The Journal of Immunology and production of IL-17A from effector T cells (18, 19). Recently, a more complex role for IL-23 in vivo was demonstrated, with IL-6 and IL-21 up-regulating IL-23R expression on naive CD4⫹ T cells, and IL-23, in combination with TGF-␤, inducing the differentiation of Th17 cells (30 –32). Upon activation, Th17 cells release the cytokines IL-17A, IL-17F, IL-22, TNF-␣ and IL-6, all of which can induce inflammatory responses (33, 34). The IL-23/IL-17 axis regulates granulopoiesis via a neutrostat regulatory feedback loop (19, 20). Transgenic overexpression of IL-17A in murine livers elevates neutrophil counts, bone marrow (BM) and splenic colony forming units and the release of granlocyte-colony stimulating factor (G-CSF) from BM stromal cells (35, 36). In normal WT and neutrophilic mice, a positive correlation is found between neutrophil numbers and serum levels of IL-17A and G-CSF (37). CD18 is the common ␤2 subunit of the four ␤2 integrins: CD11a/CD18 (LFA-1), CD11b/CD18 (Mac-1), CD11c/CD18, and CD11d/CD18. Mice with a targeted null mutation in the Itgb2 gene lack all ␤2 integrins and are neutrophilic, due to the inability of neutrophils to traffic into nonlymphoid tissues and altered hematopoiesis (19, 38). This was demonstrated by the transfer of WT neutrophils into Itgb2⫺/⫺ mice, which lowered neutrophil counts to normal WT levels and reduced serum IL-17A levels and tissue expression of IL-23, but not IL-12 (19, 37). Phagocytosis of apoptotic neutrophils by Itgb2⫺/⫺ macrophages or dendritic cells reduced IL-23 expression in these cells in vitro, thus closing the feedback loop (19). To test the role of IL-23 upstream of IL-17A in the regulation of granulopoiesis in vivo, we generated IL12b⫺/⫺Itgb2⫺/⫺ mice as a tool to determine the effects of IL-23 on granulopoiesis and IL-17A expression and secretion, and the prevalence of IL-17A -producing Tn cells in vivo. We found that IL-23 deficiency profoundly affects IL17A expression and secretion, and thereby granulopoiesis in mice.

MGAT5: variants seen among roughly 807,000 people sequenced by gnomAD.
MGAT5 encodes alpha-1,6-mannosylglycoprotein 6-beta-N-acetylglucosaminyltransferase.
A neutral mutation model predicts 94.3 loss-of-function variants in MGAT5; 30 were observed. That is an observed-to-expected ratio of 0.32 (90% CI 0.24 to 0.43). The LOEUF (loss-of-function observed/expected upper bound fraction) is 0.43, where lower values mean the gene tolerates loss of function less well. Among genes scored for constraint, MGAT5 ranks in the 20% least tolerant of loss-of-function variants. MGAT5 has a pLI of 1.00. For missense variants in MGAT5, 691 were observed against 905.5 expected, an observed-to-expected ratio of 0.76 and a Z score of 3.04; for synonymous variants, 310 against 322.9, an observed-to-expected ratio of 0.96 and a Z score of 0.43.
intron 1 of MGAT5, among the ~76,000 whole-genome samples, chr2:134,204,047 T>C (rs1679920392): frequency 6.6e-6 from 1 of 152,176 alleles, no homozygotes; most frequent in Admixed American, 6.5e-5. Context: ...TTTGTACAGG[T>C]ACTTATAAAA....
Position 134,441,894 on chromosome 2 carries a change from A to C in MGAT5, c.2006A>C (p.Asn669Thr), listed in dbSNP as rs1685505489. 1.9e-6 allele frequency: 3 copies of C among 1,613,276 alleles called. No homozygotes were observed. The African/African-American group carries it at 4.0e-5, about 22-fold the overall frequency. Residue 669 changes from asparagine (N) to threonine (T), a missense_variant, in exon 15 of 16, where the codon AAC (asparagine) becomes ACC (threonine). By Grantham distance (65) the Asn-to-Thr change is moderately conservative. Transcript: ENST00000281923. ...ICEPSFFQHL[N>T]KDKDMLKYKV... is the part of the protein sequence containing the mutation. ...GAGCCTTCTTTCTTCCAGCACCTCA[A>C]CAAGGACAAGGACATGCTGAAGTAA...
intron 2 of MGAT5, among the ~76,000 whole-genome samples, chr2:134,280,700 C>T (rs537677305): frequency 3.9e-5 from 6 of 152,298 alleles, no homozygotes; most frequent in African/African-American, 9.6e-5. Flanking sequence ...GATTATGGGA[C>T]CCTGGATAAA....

FIGURE 1. p40-deficient mice have impaired granulopoiesis. Circulating blood neutrophil levels (1000 cells per ␮l; k/␮l) were assessed in (A) WT and IL12b⫺/⫺ mice or (B) Itgb2⫺/⫺ and IL12b⫺/⫺Itgb2⫺/⫺ mice (ⴱ, p ⬍ 0.05; ⴱⴱ, p ⬍ 0.01 by unpaired students t test). C, Blood neutrophil counts were assessed in WT mice following treatment with a p40 Ab or IgG1 isotype control for 48 h (ⴱⴱ, p ⬍ 0.01 by paired students t test). IL12b⫺/⫺ mice (D) or IL12b⫺/⫺Itgb2⫺/⫺ mice (E) were reconstituted with rmIL-23, rmIL-12, or saline and circulating neutrophil levels were analyzed at 24 h (ⴱ, p ⬍ 0.05 by paired Student’s t test).